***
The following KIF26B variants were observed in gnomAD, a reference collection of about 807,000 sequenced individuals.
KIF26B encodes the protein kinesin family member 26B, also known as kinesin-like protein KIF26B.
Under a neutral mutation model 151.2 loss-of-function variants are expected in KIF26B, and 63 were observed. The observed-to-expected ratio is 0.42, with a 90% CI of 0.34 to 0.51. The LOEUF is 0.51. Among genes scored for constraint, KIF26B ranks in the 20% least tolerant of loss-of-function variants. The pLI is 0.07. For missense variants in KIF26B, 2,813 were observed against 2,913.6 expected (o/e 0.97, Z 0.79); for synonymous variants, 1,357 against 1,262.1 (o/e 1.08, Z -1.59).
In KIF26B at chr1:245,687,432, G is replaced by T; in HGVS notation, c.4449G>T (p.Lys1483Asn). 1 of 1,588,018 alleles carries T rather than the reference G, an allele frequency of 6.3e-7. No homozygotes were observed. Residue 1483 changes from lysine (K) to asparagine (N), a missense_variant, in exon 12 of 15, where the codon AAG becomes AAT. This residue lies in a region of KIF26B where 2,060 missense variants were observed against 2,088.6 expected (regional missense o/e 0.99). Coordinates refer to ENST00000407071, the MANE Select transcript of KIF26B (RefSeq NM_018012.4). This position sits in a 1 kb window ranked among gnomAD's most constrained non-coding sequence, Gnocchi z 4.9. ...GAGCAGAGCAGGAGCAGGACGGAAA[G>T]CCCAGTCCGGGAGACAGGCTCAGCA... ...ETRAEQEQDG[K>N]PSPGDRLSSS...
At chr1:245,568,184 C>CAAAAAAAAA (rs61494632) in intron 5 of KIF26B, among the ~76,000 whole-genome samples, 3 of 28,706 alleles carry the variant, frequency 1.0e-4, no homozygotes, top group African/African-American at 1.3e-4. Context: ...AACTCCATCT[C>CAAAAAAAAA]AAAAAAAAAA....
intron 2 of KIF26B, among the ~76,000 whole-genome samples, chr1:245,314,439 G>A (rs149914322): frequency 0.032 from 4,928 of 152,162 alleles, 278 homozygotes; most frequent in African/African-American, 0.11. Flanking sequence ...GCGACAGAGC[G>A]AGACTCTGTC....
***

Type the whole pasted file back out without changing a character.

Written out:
The following KIF26B variants were observed in gnomAD, a reference collection of about 807,000 sequenced individuals.
KIF26B encodes the protein kinesin family member 26B, also known as kinesin-like protein KIF26B.
Under a neutral mutation model 151.2 loss-of-function variants are expected in KIF26B, and 63 were observed. The observed-to-expected ratio is 0.42, with a 90% CI of 0.34 to 0.51. The LOEUF is 0.51. Among genes scored for constraint, KIF26B ranks in the 20% least tolerant of loss-of-function variants. The pLI is 0.07. For missense variants in KIF26B, 2,813 were observed against 2,913.6 expected (o/e 0.97, Z 0.79); for synonymous variants, 1,357 against 1,262.1 (o/e 1.08, Z -1.59).
In KIF26B at chr1:245,687,432, G is replaced by T; in HGVS notation, c.4449G>T (p.Lys1483Asn). 1 of 1,588,018 alleles carries T rather than the reference G, an allele frequency of 6.3e-7. No homozygotes were observed. Residue 1483 changes from lysine (K) to asparagine (N), a missense_variant, in exon 12 of 15, where the codon AAG becomes AAT. This residue lies in a region of KIF26B where 2,060 missense variants were observed against 2,088.6 expected (regional missense o/e 0.99). Coordinates refer to ENST00000407071, the MANE Select transcript of KIF26B (RefSeq NM_018012.4). This position sits in a 1 kb window ranked among gnomAD's most constrained non-coding sequence, Gnocchi z 4.9. ...GAGCAGAGCAGGAGCAGGACGGAAA[G>T]CCCAGTCCGGGAGACAGGCTCAGCA... ...ETRAEQEQDG[K>N]PSPGDRLSSS...
At chr1:245,568,184 C>CAAAAAAAAA (rs61494632) in intron 5 of KIF26B, among the ~76,000 whole-genome samples, 3 of 28,706 alleles carry the variant, frequency 1.0e-4, no homozygotes, top group African/African-American at 1.3e-4. Context: ...AACTCCATCT[C>CAAAAAAAAA]AAAAAAAAAA....
intron 2 of KIF26B, among the ~76,000 whole-genome samples, chr1:245,314,439 G>A (rs149914322): frequency 0.032 from 4,928 of 152,162 alleles, 278 homozygotes; most frequent in African/African-American, 0.11. Flanking sequence ...GCGACAGAGC[G>A]AGACTCTGTC....